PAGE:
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I am an artist based in London. My work includes video installations, photographs, bookworks, performance, interdisciplinary, collaborative and curatorial projects. I recently completed a PhD in Fine Art by practice at the RCA. My research asks the question, in the face of climate change, what can art do? The question is both practical and ethical: a question of art's efficacy, its ways of working, and its uses to audiences. In my films and writing I seek to represent the consequences of climate change as they are experienced by the inhabitants of the north of Scotland and Arctic Russia. My films Call of North and From Time to Time at Sea and my writing document and interpret changing relationships with the sea and the land, bringing to light the interplay of climate change with history and memory, and with the social, economic, environmental and political forces that are shaping places and lives. In both my films and writing a plurality of perspectives and voices are combined to produce polyphonic compositions that resist being reduced to pessimism about climate change. My films premiered at the 58th and 60th London International Film Festivals.
My work comes out of an engagement with a particular place. I put myself in a particular somewhere — a neighbourhood of London, a futuristic capital city, a derelict building, a small village on the White Sea. I investigate the camera as a participant-observer, and the implied presence of a future audience. My single and multi-channel video installations focus on overlooked moments, material remains and fragments of stories that reveal unresolved conflict. My film Theodosia became disturbingly prescient, shot in Crimea a year before its annexation by Russia. It interweaves the suppressed story of exiled Tartars with Joseph Beuys’ self-mythologising tale of rebirth after being rescued by Tartars, the story of an artists’ colony, and the poet Virgil’s exile, all against the backdrop of a holiday resort. It was screened at ICA, London, and in the solo exhibition, The Faces They Have Vanished. Anarcadia, made in the steppes of Kazakhstan, is a film, monograph and exhibition commissioned by FVU and John Hansard Gallery, which toured nationally and to international film festivals. Other exhibitions and projects include Somewhere Becoming Sea, (Hull City of Culture) Terrapolis, (French School Athens, curated by Whitechapel Gallery) and Interspecies (Arts Catalyst, Cornerhouse). My interdisciplinary project on contemporary understandings of the brain, State of Mindbrought artists, scientists and social scientists together at London School of Economics. And while I was Cochemé artist fellow at Central Saint Martins I produced the collaborative site-based project Archway Polytechnic. Other publications include Re: The Archive, The Image and the Very Dead Sheep with Uriel Orlow, (Double agents, 2004), Hide ed. A. Hart, R. Maclennan (AIR, 2011).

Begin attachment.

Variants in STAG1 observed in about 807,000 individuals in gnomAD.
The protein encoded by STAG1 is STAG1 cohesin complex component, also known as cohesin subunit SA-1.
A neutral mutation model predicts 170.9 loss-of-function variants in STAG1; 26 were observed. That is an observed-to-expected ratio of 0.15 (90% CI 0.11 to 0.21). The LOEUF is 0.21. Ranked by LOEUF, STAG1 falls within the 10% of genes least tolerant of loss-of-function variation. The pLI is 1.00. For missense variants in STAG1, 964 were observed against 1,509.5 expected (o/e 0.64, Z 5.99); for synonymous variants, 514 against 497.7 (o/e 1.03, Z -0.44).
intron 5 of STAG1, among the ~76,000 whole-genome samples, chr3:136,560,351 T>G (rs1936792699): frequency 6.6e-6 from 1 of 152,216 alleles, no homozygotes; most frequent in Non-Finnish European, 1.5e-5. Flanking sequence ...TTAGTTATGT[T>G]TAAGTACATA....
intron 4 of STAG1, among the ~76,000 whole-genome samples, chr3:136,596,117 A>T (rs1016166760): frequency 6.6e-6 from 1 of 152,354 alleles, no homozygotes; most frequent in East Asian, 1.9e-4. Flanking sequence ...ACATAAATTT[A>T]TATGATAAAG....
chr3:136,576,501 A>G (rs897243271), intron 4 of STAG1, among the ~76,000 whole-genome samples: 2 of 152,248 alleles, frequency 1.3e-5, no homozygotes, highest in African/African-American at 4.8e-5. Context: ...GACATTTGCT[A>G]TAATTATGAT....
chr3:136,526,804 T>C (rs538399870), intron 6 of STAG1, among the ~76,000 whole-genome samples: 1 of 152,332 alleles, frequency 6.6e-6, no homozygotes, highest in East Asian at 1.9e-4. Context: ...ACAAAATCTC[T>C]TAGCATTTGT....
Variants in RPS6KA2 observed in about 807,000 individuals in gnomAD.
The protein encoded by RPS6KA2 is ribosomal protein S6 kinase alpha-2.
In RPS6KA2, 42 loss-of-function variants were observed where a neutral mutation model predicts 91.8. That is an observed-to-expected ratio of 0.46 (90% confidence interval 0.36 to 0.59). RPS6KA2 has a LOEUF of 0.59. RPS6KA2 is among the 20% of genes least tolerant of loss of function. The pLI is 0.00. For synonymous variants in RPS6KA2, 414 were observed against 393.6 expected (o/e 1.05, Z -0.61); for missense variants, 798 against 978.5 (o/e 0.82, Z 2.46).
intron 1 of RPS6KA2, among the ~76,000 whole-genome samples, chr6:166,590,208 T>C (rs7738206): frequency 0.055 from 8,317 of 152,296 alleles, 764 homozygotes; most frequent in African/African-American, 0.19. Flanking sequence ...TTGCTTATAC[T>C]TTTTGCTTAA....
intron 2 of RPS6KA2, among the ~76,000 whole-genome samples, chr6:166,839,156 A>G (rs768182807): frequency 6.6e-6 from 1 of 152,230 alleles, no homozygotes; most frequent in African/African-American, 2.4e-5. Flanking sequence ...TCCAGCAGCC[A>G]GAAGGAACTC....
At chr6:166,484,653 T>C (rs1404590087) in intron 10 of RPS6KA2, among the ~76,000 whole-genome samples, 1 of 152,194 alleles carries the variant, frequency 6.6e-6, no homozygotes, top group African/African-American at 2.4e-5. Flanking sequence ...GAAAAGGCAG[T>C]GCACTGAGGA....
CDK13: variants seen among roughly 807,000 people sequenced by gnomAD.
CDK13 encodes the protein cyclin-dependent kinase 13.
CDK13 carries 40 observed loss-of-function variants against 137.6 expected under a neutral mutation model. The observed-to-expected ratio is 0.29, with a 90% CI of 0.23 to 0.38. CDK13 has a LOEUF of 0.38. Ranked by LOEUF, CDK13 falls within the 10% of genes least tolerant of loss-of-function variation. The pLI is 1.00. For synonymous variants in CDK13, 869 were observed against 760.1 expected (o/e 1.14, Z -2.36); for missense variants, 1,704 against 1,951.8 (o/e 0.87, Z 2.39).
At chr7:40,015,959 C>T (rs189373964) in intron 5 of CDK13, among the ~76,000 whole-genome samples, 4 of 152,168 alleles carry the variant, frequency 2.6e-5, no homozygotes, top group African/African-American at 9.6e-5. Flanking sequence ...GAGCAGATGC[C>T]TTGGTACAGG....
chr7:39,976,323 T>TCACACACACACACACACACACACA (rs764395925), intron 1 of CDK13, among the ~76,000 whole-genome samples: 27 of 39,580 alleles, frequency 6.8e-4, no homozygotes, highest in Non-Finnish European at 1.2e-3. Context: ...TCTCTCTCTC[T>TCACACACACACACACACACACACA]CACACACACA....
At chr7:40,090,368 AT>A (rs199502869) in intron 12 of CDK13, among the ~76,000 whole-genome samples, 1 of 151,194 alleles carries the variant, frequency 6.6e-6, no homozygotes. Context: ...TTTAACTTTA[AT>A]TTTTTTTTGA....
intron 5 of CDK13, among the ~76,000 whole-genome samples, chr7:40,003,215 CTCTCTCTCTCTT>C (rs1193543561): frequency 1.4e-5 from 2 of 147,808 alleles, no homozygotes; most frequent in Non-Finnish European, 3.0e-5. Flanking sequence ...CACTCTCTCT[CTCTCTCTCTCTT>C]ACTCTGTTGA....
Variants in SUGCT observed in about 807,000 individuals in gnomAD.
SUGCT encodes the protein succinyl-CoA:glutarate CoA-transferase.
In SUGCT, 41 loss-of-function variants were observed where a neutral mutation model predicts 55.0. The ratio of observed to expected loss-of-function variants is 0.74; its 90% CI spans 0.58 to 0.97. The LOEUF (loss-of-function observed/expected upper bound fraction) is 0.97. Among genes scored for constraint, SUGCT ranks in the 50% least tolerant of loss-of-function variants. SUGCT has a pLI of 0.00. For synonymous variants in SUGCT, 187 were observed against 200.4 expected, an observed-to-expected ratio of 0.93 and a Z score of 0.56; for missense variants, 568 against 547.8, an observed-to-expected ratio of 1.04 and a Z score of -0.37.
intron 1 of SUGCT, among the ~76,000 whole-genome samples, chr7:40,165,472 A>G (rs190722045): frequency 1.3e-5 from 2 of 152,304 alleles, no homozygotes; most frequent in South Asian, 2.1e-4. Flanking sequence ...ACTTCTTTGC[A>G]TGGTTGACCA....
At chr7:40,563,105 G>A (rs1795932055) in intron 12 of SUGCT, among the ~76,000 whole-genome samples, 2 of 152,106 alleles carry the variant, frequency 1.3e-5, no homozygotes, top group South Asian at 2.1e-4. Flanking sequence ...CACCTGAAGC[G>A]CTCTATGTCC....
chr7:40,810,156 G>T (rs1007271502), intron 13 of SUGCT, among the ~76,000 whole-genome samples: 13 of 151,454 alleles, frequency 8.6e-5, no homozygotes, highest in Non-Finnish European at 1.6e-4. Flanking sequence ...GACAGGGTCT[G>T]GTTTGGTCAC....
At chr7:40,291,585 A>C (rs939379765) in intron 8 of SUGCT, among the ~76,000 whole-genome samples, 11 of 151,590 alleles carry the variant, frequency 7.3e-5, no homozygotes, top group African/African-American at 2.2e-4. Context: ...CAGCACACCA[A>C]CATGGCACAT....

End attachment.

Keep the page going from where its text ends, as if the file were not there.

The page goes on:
I am the author and leader of a new BA course in Moving Image at Open College of the Arts, University of the Creative Arts. I am an associate lecturer at Glasgow University and at other art colleges.